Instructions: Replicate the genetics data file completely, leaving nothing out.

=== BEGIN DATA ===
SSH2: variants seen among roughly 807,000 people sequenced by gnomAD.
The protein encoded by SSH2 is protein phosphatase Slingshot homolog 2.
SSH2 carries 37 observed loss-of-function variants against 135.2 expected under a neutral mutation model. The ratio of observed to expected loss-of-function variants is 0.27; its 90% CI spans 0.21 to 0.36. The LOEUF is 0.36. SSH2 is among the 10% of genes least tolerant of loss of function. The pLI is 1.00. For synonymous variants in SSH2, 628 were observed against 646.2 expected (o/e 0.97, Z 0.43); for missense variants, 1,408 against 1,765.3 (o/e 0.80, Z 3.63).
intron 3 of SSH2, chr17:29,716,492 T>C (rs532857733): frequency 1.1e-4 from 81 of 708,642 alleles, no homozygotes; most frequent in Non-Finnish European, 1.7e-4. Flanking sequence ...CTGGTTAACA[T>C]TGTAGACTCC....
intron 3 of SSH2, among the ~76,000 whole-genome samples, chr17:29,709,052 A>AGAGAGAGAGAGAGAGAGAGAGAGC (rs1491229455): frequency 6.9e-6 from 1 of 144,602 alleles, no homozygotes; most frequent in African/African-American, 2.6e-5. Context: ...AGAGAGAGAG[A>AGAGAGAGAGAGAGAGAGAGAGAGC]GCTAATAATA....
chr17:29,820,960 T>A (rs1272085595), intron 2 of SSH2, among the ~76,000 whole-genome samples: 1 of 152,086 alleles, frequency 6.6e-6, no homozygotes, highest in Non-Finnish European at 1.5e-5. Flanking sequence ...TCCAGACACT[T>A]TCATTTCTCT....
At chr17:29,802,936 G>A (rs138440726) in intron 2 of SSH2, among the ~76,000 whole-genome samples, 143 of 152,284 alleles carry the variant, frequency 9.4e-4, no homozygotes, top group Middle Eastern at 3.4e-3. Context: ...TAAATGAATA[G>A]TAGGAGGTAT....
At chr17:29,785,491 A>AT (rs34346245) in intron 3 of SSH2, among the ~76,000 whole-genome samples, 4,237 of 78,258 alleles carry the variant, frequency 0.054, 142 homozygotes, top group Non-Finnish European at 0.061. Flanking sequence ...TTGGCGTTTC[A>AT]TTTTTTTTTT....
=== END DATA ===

SSH2: variants seen among roughly 807,000 people sequenced by gnomAD.
The protein encoded by SSH2 is protein phosphatase Slingshot homolog 2.
SSH2 carries 37 observed loss-of-function variants against 135.2 expected under a neutral mutation model. The ratio of observed to expected loss-of-function variants is 0.27; its 90% CI spans 0.21 to 0.36. The LOEUF is 0.36. SSH2 is among the 10% of genes least tolerant of loss of function. The pLI is 1.00. For synonymous variants in SSH2, 628 were observed against 646.2 expected (o/e 0.97, Z 0.43); for missense variants, 1,408 against 1,765.3 (o/e 0.80, Z 3.63).
intron 3 of SSH2, chr17:29,716,492 T>C (rs532857733): frequency 1.1e-4 from 81 of 708,642 alleles, no homozygotes; most frequent in Non-Finnish European, 1.7e-4. Flanking sequence ...CTGGTTAACA[T>C]TGTAGACTCC....
intron 3 of SSH2, among the ~76,000 whole-genome samples, chr17:29,709,052 A>AGAGAGAGAGAGAGAGAGAGAGAGC (rs1491229455): frequency 6.9e-6 from 1 of 144,602 alleles, no homozygotes; most frequent in African/African-American, 2.6e-5. Context: ...AGAGAGAGAG[A>AGAGAGAGAGAGAGAGAGAGAGAGC]GCTAATAATA....
chr17:29,820,960 T>A (rs1272085595), intron 2 of SSH2, among the ~76,000 whole-genome samples: 1 of 152,086 alleles, frequency 6.6e-6, no homozygotes, highest in Non-Finnish European at 1.5e-5. Flanking sequence ...TCCAGACACT[T>A]TCATTTCTCT....
At chr17:29,802,936 G>A (rs138440726) in intron 2 of SSH2, among the ~76,000 whole-genome samples, 143 of 152,284 alleles carry the variant, frequency 9.4e-4, no homozygotes, top group Middle Eastern at 3.4e-3. Context: ...TAAATGAATA[G>A]TAGGAGGTAT....
At chr17:29,785,491 A>AT (rs34346245) in intron 3 of SSH2, among the ~76,000 whole-genome samples, 4,237 of 78,258 alleles carry the variant, frequency 0.054, 142 homozygotes, top group Non-Finnish European at 0.061. Flanking sequence ...TTGGCGTTTC[A>AT]TTTTTTTTTT....